Brisco, of course, was a member of the same fan club, but unlike Heyman, he already had some skin in the game. By the time J.R. called to ask about Lesnar, it was the Sunday after the NCAA tournament and Brisco was waiting for Robinson’s promised phone call.
“I was getting a little antsy,” Brisco said with a laugh. But the scout’s patience paid off when Robinson finally called back on Tuesday with better news than Brisco could ever have imagined.
“He said, ‘You remember our conversation?’ I said, ‘I sure do. I’ve been waiting on your call,’” Brisco recounted. “He said, ‘Well I happen to have two of ‘em. I got Shelton Benjamin, who’s the only guy I’ve ever had that can hang with Brock Lesnar in the wrestling room and that could push Brock to be a champion, and Brock. I got ‘em both sitting here together. They want to come together.”
“My blood started rushing,” Brisco said of Robinson’s news. “I thought, ‘I’m getting two-for-one here. That’s fantastic.’”
Of course, there were plenty of hurdles to be cleared before the two studs could so much as step foot in the ring. Brisco brought Robinson, Lesnar and Benjamin backstage at a local pay-per-view and gave them a quick overview of the world they’d potentially be inhabiting. Once the usual questions were answered — what does one do in the ring; how long does it take to learn — Brisco said it was relatively easy to get the two prospects’ verbal commitment.
“It wasn’t a hard sell,” he said. Apart from giving the two star athletes an opportunity to continue in a physical occupation, the two were eager to showcase their abilities on a global stage.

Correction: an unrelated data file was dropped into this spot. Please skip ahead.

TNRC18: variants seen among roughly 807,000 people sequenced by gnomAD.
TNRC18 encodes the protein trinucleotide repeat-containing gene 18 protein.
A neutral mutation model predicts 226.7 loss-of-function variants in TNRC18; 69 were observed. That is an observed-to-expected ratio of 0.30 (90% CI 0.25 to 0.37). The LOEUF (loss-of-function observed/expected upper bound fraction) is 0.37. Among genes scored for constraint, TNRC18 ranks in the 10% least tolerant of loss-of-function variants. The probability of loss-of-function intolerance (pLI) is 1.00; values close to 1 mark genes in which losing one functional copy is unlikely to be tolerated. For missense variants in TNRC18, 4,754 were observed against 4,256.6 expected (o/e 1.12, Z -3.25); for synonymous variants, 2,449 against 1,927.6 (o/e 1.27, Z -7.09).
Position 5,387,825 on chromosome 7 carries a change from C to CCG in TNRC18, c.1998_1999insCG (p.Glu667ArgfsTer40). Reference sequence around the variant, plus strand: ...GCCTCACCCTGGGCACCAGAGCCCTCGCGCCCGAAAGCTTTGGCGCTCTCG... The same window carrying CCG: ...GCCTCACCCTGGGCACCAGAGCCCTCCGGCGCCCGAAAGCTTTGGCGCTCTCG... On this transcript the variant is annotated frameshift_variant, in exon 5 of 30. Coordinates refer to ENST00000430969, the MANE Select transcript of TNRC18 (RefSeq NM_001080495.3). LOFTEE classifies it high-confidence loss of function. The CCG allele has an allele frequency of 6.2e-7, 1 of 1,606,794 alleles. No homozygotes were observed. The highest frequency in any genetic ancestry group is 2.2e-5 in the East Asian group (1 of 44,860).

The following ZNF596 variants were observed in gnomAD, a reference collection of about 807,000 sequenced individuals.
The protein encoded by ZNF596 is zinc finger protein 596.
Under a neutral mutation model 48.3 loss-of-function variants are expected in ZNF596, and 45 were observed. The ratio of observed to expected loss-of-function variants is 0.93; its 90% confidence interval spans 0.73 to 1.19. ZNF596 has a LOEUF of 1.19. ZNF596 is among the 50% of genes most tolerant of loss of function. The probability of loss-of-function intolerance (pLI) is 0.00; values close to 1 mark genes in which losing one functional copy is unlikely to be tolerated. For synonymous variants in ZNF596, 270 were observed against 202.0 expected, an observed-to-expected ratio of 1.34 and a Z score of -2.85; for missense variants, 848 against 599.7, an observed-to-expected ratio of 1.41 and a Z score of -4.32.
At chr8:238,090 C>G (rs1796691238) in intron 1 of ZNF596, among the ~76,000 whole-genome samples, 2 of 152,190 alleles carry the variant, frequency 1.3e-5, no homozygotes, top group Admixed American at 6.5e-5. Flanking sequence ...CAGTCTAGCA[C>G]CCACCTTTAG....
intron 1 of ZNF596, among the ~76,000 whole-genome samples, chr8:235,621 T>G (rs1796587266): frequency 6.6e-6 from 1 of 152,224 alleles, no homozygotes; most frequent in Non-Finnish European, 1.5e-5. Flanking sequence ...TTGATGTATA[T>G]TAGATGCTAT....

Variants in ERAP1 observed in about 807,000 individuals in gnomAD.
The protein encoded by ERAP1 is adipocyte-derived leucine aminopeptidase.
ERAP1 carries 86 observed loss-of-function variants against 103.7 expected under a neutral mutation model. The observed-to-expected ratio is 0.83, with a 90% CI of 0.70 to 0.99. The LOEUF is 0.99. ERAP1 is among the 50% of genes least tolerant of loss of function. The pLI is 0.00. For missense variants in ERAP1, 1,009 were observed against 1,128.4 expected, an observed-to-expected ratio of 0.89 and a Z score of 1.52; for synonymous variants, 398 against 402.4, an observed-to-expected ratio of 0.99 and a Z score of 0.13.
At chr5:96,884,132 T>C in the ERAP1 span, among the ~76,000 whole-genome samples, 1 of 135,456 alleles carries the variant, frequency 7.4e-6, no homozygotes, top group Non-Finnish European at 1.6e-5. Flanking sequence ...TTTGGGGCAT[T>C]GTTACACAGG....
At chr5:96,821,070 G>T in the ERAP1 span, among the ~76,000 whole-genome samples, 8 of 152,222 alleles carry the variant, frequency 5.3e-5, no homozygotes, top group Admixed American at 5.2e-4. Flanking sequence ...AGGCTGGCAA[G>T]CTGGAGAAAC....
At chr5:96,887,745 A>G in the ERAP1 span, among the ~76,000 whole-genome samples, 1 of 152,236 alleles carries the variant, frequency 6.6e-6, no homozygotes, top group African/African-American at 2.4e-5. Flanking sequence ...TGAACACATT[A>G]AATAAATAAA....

“Both of them were fans and both of them looked at our business as a way they knew they could succeed in life,” Brisco said.
He was getting terrible advice
from myopic veterans who had never
seen anything like Brock Lesnar.
Even during that brief backstage meeting, signs of future success were there, complete with a consideration that few talents received.
“Vince [McMahon], when he sees guys, very rarely does he come over and introduce himself or talk to guys or anything like that. Especially people that he doesn’t know,” said Brisco. “But he saw Brock Lesnar and Shelton Benjamin standing there … and he came over and introduced himself.”
According to Brisco, The Chairman had only one question for his newest recruit: “Are you ready to be an entertainer?” The response was a slam dunk: “I’ve always wanted to be an entertainer.”
“[That was] one of the most intelligent things for a 20-year-old to say to a man of Vince McMahon’s status,” Brisco said. “That brought a smile to Vince’s face, [he] walked away and I said, ‘I think you just got a job.’”